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Lynne Rossetto Kasper's Guide To Olives

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The Splendid Table®'s How To Eat Supper By Lynne Rossetto Kasper

Dear Lynne,

How do you buy olives? Prices are all over the map, so how do you judge them? Then how do you decide which types to have for parties and for giving?

Peter in Boston

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Dear Peter,

A first option is buy your olives where you can taste before deciding. They should be nothing short of luscious. To put them to the full test, count to 10 after swallowing to get their full character (a trick to remember whenever you're buying any cured food).

If you get the sense that you've just licked a salt cube, or have a chemical aftertaste, or a burning sensation, these come from lower-grade, industrially cured olives, most likely fast-cured with lye. Lye's problem is it draws out a lot of the olive's natural flavor.

Prime flavor comes from slow curing olives over weeks in salt brine or a salt rub. Since labeling doesn't tell us much about curing methods, taste is what we have to depend on.

Where to find good olives?

My first choice is places selling high quality Mediterranean foods where people from those countries shop (as opposed to "gourmet" shops).

Next is the gourmet shops.

Then comes olive bars in markets with fast turnovers because they have the plus of making tasting possible. (And you can improve nearly any olive with the recipe below.)

If jars are the only option, check out the list below of olive varieties for selections. Then do some olive improvement with my recipe for olives

Which olives to buy?

Peter, here is what I think of as the ultimate olive party collection. You don't need them all, but the less familiar ones are worth seeking out. Store olives in the refrigerator, but in containers where they get some air circulation.

• Oil-cured black olives (Italy, Morocco, Spain) - Crinkled up and intensely meaty and raisiny-tasting, nothing simulates these.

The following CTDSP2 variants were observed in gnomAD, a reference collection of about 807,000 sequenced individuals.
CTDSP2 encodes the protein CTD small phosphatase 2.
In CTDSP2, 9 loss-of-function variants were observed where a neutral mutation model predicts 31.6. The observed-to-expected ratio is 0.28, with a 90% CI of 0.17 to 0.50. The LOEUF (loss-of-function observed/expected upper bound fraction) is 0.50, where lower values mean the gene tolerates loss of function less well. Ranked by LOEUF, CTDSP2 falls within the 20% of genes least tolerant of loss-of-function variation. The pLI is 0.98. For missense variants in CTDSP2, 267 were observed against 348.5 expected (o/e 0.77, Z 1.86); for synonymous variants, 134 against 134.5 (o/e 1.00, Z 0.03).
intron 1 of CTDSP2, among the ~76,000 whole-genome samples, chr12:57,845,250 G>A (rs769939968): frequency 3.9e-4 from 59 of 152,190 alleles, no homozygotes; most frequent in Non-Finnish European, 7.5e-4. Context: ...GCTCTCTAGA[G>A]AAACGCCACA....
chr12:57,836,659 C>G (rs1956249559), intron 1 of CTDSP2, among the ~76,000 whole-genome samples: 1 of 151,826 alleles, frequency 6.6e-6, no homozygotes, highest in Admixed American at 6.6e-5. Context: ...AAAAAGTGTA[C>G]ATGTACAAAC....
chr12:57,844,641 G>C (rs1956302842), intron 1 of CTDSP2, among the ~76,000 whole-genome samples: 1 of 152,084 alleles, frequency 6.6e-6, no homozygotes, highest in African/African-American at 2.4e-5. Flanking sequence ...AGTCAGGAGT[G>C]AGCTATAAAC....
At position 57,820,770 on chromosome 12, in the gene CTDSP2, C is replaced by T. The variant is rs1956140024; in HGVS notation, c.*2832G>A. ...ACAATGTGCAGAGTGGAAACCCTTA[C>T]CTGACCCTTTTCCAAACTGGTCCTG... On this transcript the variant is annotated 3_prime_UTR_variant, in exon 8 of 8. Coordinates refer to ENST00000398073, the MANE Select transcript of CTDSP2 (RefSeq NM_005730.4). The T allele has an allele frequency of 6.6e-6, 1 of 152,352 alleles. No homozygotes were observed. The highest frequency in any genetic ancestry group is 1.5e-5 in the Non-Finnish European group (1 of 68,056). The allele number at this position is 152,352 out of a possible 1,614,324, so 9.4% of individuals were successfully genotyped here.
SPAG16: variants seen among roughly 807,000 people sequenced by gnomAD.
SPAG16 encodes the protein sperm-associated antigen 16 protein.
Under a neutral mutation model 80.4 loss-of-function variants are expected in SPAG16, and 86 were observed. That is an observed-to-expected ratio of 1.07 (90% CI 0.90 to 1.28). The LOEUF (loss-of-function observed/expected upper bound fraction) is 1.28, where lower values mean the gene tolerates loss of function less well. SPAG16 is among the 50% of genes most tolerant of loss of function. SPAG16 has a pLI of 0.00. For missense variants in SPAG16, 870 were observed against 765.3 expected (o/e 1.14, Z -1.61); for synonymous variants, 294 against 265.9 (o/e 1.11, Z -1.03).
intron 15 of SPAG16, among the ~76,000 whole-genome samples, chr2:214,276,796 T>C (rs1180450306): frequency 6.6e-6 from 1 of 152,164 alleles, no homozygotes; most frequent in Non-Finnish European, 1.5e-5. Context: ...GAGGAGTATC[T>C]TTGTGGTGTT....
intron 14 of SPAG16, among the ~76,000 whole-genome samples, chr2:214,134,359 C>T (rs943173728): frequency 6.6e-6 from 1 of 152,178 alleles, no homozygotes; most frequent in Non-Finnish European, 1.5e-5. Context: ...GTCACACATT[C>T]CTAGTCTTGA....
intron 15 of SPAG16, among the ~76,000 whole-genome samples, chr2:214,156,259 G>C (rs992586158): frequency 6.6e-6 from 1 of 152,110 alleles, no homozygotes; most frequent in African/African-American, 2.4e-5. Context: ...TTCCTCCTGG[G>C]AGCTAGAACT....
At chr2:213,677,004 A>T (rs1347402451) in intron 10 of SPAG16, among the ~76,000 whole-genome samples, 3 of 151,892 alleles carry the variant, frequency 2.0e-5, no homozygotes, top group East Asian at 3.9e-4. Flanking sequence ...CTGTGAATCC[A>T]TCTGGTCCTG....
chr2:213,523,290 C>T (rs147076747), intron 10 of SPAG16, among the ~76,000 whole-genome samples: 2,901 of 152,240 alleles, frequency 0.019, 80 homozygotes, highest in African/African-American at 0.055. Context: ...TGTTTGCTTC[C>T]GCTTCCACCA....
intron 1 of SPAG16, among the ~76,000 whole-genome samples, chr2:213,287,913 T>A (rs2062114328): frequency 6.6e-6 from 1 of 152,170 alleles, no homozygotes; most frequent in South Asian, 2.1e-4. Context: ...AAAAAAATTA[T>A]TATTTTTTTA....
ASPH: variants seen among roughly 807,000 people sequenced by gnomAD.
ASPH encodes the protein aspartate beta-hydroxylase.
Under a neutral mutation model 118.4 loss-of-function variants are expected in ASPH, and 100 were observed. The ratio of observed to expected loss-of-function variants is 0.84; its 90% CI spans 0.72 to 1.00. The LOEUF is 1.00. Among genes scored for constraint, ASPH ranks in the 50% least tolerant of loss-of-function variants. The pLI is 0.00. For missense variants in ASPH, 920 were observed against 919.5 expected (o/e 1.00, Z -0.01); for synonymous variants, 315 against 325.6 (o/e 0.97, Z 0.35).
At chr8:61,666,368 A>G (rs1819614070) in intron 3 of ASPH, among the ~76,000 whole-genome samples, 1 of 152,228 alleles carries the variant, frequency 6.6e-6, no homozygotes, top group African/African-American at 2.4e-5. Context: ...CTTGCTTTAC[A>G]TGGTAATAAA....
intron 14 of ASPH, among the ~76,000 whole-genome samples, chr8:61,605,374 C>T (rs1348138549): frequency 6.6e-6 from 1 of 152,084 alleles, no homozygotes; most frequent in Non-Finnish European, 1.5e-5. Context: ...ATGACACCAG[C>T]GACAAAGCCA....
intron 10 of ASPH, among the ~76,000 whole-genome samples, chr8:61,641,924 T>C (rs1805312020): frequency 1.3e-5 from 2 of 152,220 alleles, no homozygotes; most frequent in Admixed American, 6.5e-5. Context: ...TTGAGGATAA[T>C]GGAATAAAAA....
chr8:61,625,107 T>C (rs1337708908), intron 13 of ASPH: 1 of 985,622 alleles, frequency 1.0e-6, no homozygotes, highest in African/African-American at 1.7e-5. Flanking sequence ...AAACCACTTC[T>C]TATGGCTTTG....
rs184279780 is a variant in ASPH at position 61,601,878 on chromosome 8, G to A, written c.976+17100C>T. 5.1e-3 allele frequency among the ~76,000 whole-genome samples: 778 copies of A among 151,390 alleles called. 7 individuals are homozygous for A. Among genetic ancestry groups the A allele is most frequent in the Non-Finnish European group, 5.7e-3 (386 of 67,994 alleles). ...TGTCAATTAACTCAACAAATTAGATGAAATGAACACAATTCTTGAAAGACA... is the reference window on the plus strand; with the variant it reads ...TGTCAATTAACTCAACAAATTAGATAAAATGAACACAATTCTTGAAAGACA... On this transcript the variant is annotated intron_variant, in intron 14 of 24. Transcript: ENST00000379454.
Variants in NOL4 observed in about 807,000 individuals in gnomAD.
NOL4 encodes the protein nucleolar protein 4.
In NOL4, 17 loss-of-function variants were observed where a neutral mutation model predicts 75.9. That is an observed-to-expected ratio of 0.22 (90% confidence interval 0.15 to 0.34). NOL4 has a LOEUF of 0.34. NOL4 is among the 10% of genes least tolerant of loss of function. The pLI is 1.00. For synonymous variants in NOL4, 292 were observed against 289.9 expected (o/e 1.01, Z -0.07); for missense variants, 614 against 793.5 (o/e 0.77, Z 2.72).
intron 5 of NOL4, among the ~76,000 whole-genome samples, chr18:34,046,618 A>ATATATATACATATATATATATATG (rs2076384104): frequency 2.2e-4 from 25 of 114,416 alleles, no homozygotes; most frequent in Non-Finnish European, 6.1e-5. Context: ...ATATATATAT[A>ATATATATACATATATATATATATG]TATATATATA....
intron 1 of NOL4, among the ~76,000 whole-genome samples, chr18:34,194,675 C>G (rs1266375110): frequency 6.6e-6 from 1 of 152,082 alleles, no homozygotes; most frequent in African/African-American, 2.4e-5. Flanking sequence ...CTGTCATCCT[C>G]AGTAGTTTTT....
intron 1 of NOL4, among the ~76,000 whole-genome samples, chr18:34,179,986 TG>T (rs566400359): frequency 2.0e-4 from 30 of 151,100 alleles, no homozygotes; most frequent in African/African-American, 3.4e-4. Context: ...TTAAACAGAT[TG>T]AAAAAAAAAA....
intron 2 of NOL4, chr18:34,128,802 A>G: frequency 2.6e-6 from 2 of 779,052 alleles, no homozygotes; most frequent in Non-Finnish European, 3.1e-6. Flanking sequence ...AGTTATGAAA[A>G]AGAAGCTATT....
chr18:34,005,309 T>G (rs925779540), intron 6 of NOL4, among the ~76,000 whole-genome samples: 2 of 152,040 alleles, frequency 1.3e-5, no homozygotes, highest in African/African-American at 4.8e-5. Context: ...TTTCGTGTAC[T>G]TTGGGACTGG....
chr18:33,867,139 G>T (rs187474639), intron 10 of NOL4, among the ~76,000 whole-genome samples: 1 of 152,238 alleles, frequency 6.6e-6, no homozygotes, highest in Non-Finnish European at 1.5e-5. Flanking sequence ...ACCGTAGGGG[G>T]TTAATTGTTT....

• Cerignolas - Southern Italy's giant green and black olives are nearly sweet and melt like butter.
• Empeltre - From Spain with gentle tastes of almonds.
• Kalamata -Greek, snubbed as ordinary, but in fact a rich, wine-like olive, and a bargain.
• Arbequinas - Little Spanish olives with a distinctive tang and sweet aftertaste.
• Nafplion - Greece's cracked, green, smokey-tasting olive.
•Picholine - France's green olive with tastes of citrus.

How to Enhance Not-the-Finest Olives

It's hardening to know that a little good-tasting olive oil can raise the taste quotiant of not-the-greatest olives, especially when you see heart-stopping prices for those supposedly olives of the Gods. There's an olive trick people around the Mediterranean have used for ages with their fruit.

A couple of days before serving your olives rinse them off. Using a toothpick poke a few holes in each olive, and sprinkle them lightly with good tasting extra-virgin olive oil. Put them in the warmest part of the refrigerator, lightly cover them so they have some air circulation. Serve them at room temperature.

If you'd like to gild the lily, you could flavor some with grated orange rind, pinches of oregano and black pepper; and another batch with chopped fresh rosemary and grated lemon.

Then again, pack these into jars and you've got a quick gift.